~ A WWII German Kriegsmarine sextant by C.Plath, Hamburg presented in its original fitted case ~
These were used on both U-Boats and surface craft
The sextant has the serial number '5498' and the German eagle on the index arm as well as the makers name. The case is hinged with two metal hook clasps to the front with a brass plaque on the lid that reads 'W.W.S.'. It also has a lock but we do not have the key.
Mounted inside the case is a later official Certificate of Examination from Henry Browne & Son Ltd, dated 8/12/71.
Included is the eyepiece cover and brush.
~ Dimensions ~
The case measures 11.3 inches by 11.3 inches (31.25cm) with a height of 7 inches (17.75cm). The set weighs 3.81kg.
~ Condition ~
The case has minor surface wear. The sextant is in very decent order, the mirrors are fine and all optics/mirrors/shades free from chips and cracks.
~ Postage ~
UK postage is £25 or it can be collected from our shop in Portsmouth Historic Dockyard.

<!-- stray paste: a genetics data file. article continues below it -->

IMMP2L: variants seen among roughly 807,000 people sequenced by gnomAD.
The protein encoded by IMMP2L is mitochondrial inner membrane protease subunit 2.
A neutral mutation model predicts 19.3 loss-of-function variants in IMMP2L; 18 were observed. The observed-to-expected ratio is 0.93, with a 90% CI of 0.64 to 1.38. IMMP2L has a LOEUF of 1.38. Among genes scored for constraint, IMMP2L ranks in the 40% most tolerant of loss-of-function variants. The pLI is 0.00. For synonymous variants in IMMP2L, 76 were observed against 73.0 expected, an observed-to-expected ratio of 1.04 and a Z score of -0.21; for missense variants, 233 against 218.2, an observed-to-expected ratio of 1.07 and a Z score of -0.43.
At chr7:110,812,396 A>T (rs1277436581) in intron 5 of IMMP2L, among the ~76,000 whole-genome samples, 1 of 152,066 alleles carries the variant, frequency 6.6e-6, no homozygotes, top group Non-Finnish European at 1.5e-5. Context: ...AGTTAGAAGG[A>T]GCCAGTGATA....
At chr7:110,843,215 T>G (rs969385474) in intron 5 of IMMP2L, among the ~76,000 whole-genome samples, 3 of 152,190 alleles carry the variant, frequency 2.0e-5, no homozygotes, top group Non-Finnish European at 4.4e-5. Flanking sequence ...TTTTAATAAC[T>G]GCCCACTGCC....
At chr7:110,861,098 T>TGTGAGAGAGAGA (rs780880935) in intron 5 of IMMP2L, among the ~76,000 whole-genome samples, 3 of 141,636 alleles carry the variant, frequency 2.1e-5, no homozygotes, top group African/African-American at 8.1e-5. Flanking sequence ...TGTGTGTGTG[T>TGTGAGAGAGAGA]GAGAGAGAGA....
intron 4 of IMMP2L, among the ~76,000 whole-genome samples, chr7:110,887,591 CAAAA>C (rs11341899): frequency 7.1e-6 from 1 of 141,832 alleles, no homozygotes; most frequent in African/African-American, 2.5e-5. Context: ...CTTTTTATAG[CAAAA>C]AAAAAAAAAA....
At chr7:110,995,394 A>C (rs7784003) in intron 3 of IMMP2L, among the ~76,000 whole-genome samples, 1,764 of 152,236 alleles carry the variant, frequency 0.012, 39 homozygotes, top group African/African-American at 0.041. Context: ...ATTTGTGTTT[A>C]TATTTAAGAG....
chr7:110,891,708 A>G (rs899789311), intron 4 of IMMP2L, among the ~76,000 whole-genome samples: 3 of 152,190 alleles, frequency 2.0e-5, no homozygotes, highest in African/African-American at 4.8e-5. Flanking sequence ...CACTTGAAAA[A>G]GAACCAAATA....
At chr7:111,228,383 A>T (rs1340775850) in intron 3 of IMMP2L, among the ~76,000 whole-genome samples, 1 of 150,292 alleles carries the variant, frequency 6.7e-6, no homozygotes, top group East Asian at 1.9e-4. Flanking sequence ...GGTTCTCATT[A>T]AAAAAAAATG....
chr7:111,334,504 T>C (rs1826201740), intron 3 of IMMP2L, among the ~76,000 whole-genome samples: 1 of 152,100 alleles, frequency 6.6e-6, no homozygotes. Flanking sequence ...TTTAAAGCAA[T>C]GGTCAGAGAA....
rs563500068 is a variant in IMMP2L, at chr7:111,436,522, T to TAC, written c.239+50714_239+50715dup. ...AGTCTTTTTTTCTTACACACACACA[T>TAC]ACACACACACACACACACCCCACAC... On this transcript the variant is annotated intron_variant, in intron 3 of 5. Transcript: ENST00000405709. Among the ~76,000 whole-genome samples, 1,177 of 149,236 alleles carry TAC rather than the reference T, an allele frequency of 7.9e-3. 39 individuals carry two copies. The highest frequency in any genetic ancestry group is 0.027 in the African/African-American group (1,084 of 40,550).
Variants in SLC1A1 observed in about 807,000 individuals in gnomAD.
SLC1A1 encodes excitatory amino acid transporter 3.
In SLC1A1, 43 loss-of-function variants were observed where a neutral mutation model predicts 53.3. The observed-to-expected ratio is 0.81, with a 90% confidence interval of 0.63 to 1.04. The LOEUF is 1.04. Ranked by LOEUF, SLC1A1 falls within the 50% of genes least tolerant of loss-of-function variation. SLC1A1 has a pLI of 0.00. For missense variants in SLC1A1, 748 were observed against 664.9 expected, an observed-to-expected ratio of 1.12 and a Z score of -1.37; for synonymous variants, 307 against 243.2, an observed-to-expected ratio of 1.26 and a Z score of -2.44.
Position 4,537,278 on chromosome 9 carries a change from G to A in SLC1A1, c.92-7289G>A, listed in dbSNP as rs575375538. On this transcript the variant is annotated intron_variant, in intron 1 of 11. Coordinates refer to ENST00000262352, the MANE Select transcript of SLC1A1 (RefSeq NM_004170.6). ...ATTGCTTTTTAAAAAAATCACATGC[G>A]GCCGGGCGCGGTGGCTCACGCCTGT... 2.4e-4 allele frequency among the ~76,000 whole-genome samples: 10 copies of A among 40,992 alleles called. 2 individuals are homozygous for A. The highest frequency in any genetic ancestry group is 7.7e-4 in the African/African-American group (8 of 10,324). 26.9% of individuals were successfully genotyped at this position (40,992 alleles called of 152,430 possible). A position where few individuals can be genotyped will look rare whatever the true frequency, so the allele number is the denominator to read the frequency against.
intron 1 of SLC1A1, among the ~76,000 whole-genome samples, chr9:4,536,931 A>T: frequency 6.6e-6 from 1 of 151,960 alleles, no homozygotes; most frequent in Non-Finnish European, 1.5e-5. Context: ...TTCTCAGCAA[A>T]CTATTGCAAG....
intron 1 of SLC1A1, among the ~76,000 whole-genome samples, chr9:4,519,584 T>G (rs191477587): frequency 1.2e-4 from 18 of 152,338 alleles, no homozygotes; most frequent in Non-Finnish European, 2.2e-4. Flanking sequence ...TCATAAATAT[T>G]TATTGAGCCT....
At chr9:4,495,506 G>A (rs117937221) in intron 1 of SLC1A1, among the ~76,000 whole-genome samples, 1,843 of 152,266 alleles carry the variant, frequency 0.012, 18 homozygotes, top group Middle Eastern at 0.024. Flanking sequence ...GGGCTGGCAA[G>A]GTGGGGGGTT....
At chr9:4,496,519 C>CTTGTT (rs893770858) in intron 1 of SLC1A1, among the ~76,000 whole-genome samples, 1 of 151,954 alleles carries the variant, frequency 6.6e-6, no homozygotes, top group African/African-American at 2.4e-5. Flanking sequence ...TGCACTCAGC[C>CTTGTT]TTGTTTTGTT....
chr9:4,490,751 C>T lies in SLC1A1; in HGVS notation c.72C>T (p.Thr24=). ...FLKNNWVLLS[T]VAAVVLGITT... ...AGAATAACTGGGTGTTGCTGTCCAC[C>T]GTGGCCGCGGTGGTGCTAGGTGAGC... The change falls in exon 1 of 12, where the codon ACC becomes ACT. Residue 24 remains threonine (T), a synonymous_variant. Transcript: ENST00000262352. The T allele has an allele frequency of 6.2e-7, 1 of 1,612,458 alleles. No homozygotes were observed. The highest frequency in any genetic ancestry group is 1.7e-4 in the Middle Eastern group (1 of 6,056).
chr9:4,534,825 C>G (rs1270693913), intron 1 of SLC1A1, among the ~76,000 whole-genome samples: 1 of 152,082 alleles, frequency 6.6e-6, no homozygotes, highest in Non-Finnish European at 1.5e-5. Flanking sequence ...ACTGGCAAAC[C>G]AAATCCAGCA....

The C.Plath company was originally founded in Hamburg in 1837 by David Filby, son of an innkeeper in Husum on the west coast of Schleswig-Holstein in North Germany. David Filby traded in nautical literature, charts and sextants imported from England. Carl Plath purchased Filby's business in 1862. With his new business Carl Plath concentrated on the manufacture of sextants, magnetic compasses, binnacles and barometers. In August 1887 Carl Plath was awarded a German Reich Patent for his newly developed compass card.
In 1905 at the advanced age of 80, Carl Plath retired. Three years later he handed over his share of the business to his son Theodor, who with effect from 30th April, 1908 became sole owner of the firm C.Plath. Dr Hermann Anschuetz-Kaempfe was granted a patent for the first gyrocompass in 1905 and this new development was closely followed by Theodor Plath, and it was no surprise when in 1912 C.Plath became a sales and service agent for Anschuetz for the merchant marine market, whereas Anschuetz concentrated its efforts on the German Imperial Navy. This business relationship came to an end when the German Reich collapsed at the end of World War II.
After 163 years, C.Plath changes its name to Sperry Marine in May 2000. In 2001 Sperry Marine becomes part of the Northrop Grumman Corporation.